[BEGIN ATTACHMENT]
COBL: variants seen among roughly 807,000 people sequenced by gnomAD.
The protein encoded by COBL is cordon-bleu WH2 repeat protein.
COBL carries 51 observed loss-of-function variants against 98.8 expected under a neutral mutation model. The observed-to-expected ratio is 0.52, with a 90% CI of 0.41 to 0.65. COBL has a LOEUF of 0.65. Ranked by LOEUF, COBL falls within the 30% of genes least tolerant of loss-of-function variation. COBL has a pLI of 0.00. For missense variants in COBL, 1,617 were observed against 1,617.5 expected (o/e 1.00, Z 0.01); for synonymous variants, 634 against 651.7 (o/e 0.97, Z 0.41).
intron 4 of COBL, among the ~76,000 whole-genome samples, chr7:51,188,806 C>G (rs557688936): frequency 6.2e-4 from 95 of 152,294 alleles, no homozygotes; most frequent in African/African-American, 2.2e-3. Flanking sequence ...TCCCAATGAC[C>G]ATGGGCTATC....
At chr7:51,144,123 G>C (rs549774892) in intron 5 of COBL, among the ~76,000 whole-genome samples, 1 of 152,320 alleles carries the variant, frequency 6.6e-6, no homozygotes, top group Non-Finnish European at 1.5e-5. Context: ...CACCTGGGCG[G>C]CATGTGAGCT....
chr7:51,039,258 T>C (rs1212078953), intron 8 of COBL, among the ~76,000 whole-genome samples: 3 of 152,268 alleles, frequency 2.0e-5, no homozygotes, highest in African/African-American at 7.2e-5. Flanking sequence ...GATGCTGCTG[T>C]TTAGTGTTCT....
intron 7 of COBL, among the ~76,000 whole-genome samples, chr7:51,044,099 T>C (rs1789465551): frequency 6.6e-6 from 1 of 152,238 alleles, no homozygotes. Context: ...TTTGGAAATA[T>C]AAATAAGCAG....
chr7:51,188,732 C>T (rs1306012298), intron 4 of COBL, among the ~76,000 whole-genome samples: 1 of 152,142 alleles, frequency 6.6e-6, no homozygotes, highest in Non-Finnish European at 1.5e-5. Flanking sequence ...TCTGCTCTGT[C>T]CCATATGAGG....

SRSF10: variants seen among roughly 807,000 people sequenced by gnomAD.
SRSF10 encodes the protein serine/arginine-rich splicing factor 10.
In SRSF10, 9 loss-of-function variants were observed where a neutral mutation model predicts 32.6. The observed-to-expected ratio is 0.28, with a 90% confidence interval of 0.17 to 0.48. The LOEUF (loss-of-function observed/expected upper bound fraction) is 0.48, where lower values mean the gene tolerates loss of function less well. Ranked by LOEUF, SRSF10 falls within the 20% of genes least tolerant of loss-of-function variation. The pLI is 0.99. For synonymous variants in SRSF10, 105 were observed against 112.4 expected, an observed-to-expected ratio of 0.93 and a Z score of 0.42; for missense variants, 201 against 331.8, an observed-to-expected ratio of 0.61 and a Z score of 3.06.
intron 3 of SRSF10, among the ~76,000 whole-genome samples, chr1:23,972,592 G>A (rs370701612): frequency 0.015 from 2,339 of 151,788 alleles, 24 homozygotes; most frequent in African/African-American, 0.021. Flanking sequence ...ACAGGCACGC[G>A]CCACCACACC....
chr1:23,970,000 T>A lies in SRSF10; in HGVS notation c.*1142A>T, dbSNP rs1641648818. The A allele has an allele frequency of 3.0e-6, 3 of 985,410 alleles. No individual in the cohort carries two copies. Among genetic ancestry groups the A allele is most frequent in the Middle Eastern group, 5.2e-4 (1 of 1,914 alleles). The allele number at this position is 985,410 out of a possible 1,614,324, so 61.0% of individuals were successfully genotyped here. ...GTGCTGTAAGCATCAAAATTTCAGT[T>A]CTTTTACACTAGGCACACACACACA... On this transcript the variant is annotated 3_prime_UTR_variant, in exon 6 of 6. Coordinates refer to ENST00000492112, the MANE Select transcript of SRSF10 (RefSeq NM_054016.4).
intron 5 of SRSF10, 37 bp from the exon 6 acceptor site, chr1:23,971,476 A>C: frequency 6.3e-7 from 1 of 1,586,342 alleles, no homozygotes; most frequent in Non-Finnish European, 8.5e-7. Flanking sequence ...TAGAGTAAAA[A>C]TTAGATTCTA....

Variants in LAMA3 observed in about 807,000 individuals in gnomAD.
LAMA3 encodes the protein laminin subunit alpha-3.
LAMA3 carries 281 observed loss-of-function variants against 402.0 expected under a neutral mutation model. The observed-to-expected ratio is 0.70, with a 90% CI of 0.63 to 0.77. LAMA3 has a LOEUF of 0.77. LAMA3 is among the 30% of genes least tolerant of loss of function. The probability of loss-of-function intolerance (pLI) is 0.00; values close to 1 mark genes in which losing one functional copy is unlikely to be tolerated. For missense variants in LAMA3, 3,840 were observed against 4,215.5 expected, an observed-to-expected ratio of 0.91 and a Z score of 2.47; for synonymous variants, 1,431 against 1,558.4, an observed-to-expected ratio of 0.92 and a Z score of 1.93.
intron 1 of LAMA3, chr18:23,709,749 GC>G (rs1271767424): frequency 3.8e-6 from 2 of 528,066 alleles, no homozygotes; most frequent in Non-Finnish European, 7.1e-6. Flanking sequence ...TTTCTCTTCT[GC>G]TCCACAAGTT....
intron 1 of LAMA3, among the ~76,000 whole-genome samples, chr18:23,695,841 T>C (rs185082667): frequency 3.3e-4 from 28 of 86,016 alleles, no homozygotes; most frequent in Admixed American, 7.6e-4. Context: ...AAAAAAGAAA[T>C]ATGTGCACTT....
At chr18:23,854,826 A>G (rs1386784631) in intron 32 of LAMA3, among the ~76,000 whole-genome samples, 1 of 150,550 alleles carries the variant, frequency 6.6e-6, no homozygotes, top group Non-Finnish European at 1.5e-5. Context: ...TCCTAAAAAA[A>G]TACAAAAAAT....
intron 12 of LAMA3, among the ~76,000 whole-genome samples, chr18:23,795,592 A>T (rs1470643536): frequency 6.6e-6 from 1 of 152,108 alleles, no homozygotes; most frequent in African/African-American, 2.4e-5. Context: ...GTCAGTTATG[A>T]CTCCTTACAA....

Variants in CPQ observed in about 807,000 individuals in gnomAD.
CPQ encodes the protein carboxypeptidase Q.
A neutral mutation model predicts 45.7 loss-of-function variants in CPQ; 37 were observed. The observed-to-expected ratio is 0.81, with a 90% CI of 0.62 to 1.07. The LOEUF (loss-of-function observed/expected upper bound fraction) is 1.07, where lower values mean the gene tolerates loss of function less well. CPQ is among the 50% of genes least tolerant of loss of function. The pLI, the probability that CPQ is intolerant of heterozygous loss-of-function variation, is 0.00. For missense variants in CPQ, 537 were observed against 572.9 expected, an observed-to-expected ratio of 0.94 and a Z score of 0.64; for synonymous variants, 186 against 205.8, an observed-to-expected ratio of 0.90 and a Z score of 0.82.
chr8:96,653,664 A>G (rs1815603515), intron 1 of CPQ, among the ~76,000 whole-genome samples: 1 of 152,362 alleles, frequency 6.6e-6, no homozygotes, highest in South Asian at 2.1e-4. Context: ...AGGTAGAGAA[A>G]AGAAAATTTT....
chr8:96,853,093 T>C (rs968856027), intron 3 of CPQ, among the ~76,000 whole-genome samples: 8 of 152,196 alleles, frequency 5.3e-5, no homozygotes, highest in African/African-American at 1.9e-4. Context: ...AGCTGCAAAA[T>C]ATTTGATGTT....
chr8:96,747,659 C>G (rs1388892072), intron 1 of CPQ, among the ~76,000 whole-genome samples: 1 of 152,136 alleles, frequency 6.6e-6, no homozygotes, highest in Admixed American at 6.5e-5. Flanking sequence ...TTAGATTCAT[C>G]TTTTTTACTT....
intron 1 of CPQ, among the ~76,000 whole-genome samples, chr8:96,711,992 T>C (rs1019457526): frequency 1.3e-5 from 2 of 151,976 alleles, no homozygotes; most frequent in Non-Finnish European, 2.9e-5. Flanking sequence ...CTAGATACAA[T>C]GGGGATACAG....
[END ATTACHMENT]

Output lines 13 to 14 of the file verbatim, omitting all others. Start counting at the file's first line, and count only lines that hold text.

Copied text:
chr1:23,970,000 T>A lies in SRSF10; in HGVS notation c.*1142A>T, dbSNP rs1641648818. The A allele has an allele frequency of 3.0e-6, 3 of 985,410 alleles. No individual in the cohort carries two copies. Among genetic ancestry groups the A allele is most frequent in the Middle Eastern group, 5.2e-4 (1 of 1,914 alleles). The allele number at this position is 985,410 out of a possible 1,614,324, so 61.0% of individuals were successfully genotyped here. ...GTGCTGTAAGCATCAAAATTTCAGT[T>A]CTTTTACACTAGGCACACACACACA... On this transcript the variant is annotated 3_prime_UTR_variant, in exon 6 of 6. Coordinates refer to ENST00000492112, the MANE Select transcript of SRSF10 (RefSeq NM_054016.4).
intron 5 of SRSF10, 37 bp from the exon 6 acceptor site, chr1:23,971,476 A>C: frequency 6.3e-7 from 1 of 1,586,342 alleles, no homozygotes; most frequent in Non-Finnish European, 8.5e-7. Flanking sequence ...TAGAGTAAAA[A>C]TTAGATTCTA....